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The Weather Network
Sep. 18, 2019 | Wednesday
Editorials and Opinions
Letter to the editor: Bylaw protects trees, but town not enforcing rules
File photo.

SUBMITTED BY TERRY DAVIS, NOTL.
OPINION

Dear editor:

Despite receiving at least three complaints from concerned residents, Niagara-on-the-Lake has not required the developer of a property at the corner of John and Victoria streets to comply with the town’s tree bylaw.

Instead of forcing the developer to install a protective barrier around a municipal tree located on the property, as is required under NOTL’s tree bylaw, it has done virtually nothing to stop the developer from parking heavy construction equipment on the root system of the tree, or from undertaking construction work in close proximity to the tree’s root system.

The tree likely will suffer irreparable harm as a result, resulting in its eventual removal.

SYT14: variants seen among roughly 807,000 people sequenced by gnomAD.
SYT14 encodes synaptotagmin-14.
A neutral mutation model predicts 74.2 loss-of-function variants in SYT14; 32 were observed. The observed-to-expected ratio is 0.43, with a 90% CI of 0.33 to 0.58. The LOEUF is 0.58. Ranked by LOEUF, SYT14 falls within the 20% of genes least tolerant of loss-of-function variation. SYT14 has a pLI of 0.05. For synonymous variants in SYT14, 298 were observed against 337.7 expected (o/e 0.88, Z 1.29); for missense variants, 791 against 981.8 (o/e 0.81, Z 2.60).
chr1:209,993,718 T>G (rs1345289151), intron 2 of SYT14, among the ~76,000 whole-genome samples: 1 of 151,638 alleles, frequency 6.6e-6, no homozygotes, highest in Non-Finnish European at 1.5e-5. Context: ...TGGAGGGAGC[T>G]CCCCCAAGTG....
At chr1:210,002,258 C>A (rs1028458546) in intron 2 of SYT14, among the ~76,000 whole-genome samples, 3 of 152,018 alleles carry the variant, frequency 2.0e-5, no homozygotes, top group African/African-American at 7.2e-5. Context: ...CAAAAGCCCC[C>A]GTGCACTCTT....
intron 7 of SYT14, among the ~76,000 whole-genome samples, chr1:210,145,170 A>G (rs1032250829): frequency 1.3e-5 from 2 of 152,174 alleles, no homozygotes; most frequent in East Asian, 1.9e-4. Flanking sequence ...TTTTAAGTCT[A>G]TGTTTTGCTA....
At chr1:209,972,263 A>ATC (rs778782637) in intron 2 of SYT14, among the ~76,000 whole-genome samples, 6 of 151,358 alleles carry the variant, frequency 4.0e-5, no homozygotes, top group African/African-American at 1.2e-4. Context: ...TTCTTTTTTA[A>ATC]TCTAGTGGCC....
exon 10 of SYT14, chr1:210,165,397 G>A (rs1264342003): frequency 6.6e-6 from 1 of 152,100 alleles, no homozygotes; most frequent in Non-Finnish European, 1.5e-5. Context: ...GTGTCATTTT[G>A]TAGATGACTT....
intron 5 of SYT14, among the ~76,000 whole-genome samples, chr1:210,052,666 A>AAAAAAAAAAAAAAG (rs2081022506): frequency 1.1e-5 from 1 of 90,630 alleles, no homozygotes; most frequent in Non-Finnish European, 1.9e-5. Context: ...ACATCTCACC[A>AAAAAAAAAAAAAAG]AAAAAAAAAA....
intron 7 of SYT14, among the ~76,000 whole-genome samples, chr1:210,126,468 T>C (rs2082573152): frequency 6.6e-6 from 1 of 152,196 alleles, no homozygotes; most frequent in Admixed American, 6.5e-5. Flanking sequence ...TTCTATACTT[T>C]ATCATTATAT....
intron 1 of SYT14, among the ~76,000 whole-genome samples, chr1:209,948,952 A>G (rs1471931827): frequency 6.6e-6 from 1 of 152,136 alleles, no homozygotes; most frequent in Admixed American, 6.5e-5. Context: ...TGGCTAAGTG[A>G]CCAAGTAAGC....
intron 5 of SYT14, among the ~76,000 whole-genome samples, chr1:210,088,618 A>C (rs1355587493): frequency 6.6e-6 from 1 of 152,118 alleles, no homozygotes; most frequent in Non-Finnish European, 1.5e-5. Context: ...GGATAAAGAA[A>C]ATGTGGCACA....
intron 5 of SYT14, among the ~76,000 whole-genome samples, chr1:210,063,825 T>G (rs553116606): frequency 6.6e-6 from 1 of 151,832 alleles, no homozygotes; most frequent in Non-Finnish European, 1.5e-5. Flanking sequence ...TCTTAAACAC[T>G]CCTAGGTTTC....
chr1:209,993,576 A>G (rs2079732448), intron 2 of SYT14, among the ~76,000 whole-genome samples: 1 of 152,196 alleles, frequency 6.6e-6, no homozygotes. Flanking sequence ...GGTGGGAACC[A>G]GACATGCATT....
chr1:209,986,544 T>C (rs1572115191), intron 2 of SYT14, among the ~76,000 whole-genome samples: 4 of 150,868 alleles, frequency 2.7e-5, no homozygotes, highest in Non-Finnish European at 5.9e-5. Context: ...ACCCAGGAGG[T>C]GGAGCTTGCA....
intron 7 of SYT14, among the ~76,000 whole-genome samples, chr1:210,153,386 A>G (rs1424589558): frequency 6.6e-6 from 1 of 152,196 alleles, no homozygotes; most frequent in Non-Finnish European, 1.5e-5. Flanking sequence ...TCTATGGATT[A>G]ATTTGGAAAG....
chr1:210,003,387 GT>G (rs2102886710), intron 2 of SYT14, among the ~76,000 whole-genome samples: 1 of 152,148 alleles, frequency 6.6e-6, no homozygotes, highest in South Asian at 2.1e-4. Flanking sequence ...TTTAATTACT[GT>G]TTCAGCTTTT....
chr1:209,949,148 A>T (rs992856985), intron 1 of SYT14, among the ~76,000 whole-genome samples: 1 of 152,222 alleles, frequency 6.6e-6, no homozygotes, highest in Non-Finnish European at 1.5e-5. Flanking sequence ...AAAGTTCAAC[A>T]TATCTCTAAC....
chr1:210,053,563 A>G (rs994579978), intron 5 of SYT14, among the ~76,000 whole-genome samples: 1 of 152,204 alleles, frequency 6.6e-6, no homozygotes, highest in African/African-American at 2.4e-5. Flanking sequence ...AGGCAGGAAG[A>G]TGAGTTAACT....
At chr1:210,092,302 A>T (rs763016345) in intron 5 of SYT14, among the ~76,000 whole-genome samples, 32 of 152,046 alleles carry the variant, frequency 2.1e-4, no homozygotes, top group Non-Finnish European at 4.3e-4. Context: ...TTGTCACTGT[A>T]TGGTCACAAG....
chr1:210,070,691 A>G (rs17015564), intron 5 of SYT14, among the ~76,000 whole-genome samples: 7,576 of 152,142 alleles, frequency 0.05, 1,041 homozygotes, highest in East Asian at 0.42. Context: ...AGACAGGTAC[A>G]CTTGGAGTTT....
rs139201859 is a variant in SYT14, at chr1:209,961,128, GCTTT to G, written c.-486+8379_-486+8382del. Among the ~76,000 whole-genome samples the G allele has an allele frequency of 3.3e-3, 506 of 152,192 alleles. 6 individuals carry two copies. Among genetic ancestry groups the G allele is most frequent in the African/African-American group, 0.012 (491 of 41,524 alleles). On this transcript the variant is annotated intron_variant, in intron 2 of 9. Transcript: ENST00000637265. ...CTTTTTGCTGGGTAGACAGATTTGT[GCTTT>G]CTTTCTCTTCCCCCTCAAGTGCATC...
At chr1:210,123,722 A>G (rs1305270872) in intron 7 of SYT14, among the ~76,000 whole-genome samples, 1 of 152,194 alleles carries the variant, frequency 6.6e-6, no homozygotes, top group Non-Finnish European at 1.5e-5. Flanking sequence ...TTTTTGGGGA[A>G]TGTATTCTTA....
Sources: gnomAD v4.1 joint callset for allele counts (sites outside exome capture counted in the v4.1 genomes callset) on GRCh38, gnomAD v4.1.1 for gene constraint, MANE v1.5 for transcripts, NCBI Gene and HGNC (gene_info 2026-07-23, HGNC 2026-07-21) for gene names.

Two blocks away, yet another tree was cut down on King Street between Anne and John streets in the past week. When the Pillar and Post garden project began more than a year ago, NOTL turned a blind eye when the developer failed to comply with the town’s tree bylaw of the day.

It did not require the developer to install a protective barrier around municipal trees, nor did it require the developer to remove a pile of heavy concrete waste that had been piled on the root system of one of its trees.

The town only took action to ensure its trees were protected, several months later, after a local resident repeatedly expressed concern to a town councillor about the harm being done to the trees. However, the town did not require the pile of concrete to be removed. It sat on the root system of the affected tree for more than one year.

Virtually all of the remaining trees on the west side of King Street between Anne and John streets are now showing signs of distress. In addition, the developer has now allowed the inner protective barrier it placed around the trees to collapse, and is undertaking construction work in close proximity to their root systems.

It would not surprise me if all of them are eventually cut down, diminishing the town’s tree canopy and making a mockery of the town’s tree bylaw.

Bylaws, no matter how well-intentioned, are of no value if they are not consistently enforced. It is my hope that the town will enforce its tree bylaw in the future, and take strong action against anyone who chooses to ignore it.

Terry Davis

NOTL

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